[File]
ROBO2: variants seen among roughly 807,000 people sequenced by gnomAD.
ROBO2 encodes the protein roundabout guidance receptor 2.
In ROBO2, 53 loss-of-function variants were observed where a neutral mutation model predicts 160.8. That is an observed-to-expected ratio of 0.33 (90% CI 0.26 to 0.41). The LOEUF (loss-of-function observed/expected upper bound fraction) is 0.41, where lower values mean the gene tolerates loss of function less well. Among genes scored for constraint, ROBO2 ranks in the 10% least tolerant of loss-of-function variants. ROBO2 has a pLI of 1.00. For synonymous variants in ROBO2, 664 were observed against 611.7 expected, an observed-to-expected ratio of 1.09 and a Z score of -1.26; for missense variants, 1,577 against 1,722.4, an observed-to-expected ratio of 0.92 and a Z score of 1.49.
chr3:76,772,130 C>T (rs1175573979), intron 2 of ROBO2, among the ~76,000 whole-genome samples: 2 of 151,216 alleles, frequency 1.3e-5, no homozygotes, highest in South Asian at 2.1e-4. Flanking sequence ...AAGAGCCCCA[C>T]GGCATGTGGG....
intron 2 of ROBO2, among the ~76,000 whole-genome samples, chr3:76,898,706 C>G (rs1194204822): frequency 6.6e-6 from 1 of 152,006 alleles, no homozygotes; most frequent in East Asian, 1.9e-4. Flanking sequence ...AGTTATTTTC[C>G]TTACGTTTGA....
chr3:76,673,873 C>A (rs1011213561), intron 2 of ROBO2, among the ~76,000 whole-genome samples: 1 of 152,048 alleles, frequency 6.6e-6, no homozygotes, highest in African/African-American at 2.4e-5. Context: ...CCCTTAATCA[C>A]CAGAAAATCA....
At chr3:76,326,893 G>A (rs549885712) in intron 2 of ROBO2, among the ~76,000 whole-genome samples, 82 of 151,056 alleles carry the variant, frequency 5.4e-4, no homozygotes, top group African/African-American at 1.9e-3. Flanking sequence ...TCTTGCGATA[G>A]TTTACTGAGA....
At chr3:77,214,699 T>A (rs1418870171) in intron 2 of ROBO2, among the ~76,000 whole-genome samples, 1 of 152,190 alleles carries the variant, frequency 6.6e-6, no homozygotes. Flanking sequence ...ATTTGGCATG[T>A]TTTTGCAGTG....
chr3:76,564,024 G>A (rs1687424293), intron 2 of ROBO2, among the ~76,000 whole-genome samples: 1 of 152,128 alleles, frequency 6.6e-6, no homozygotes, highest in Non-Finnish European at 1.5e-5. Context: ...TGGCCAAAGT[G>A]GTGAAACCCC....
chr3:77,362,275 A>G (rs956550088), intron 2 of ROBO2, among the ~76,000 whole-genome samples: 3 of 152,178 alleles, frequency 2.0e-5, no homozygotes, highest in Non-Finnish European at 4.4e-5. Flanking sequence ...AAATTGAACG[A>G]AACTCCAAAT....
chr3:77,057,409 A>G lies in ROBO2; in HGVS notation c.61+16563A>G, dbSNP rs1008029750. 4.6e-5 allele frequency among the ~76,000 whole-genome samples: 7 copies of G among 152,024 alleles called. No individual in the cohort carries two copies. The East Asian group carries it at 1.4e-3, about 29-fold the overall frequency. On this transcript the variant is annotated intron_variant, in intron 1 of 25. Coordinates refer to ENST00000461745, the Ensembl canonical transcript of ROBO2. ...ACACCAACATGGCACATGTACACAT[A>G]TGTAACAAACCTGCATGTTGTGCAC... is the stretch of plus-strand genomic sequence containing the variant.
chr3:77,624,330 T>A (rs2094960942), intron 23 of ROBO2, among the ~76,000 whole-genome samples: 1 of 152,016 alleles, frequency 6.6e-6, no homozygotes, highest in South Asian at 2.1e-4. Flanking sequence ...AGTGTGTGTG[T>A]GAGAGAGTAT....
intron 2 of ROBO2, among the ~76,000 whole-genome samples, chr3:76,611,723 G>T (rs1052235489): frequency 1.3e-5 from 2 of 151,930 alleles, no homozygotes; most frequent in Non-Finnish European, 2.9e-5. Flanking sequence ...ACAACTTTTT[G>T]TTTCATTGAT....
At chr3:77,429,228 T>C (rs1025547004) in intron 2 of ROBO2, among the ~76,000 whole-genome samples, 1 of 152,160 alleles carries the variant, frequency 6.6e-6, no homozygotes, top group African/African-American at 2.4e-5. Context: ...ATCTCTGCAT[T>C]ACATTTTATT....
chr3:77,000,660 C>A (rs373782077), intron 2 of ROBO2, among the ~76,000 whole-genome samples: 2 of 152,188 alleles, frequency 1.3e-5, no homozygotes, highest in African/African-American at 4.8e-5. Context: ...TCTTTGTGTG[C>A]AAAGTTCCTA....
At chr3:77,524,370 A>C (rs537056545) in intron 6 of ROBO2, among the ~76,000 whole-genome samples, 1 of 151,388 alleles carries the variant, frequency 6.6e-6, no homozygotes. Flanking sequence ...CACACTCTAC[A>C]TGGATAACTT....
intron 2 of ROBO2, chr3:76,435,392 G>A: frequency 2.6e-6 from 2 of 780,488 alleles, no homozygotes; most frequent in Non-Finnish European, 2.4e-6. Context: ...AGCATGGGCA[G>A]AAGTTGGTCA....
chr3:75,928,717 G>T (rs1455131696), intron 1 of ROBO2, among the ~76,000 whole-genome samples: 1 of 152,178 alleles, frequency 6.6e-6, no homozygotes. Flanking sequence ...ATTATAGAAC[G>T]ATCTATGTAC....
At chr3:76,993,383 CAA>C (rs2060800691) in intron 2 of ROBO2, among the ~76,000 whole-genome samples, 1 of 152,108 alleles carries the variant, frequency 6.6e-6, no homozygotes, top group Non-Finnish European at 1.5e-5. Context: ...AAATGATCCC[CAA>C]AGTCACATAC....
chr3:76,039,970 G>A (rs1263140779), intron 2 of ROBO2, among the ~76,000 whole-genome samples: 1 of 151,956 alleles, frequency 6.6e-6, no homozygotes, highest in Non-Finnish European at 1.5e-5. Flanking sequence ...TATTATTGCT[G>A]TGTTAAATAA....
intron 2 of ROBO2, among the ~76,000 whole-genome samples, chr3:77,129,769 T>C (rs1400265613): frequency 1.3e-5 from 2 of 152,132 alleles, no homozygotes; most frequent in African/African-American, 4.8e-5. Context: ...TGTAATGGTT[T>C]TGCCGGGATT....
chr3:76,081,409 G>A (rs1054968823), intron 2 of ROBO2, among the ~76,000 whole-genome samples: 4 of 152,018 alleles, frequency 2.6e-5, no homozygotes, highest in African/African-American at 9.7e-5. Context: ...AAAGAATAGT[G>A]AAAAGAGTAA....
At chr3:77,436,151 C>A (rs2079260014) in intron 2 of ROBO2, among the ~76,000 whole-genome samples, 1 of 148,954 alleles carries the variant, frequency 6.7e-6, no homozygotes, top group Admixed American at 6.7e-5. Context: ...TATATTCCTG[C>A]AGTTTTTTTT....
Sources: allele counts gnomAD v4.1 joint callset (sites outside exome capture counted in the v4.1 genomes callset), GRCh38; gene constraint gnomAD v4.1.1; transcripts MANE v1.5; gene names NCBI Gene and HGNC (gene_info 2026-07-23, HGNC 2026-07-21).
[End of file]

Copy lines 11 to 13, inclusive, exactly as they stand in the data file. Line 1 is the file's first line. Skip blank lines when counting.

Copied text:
chr3:77,057,409 A>G lies in ROBO2; in HGVS notation c.61+16563A>G, dbSNP rs1008029750. 4.6e-5 allele frequency among the ~76,000 whole-genome samples: 7 copies of G among 152,024 alleles called. No individual in the cohort carries two copies. The East Asian group carries it at 1.4e-3, about 29-fold the overall frequency. On this transcript the variant is annotated intron_variant, in intron 1 of 25. Coordinates refer to ENST00000461745, the Ensembl canonical transcript of ROBO2. ...ACACCAACATGGCACATGTACACAT[A>G]TGTAACAAACCTGCATGTTGTGCAC... is the stretch of plus-strand genomic sequence containing the variant.
chr3:77,624,330 T>A (rs2094960942), intron 23 of ROBO2, among the ~76,000 whole-genome samples: 1 of 152,016 alleles, frequency 6.6e-6, no homozygotes, highest in South Asian at 2.1e-4. Flanking sequence ...AGTGTGTGTG[T>A]GAGAGAGTAT....
intron 2 of ROBO2, among the ~76,000 whole-genome samples, chr3:76,611,723 G>T (rs1052235489): frequency 1.3e-5 from 2 of 151,930 alleles, no homozygotes; most frequent in Non-Finnish European, 2.9e-5. Flanking sequence ...ACAACTTTTT[G>T]TTTCATTGAT....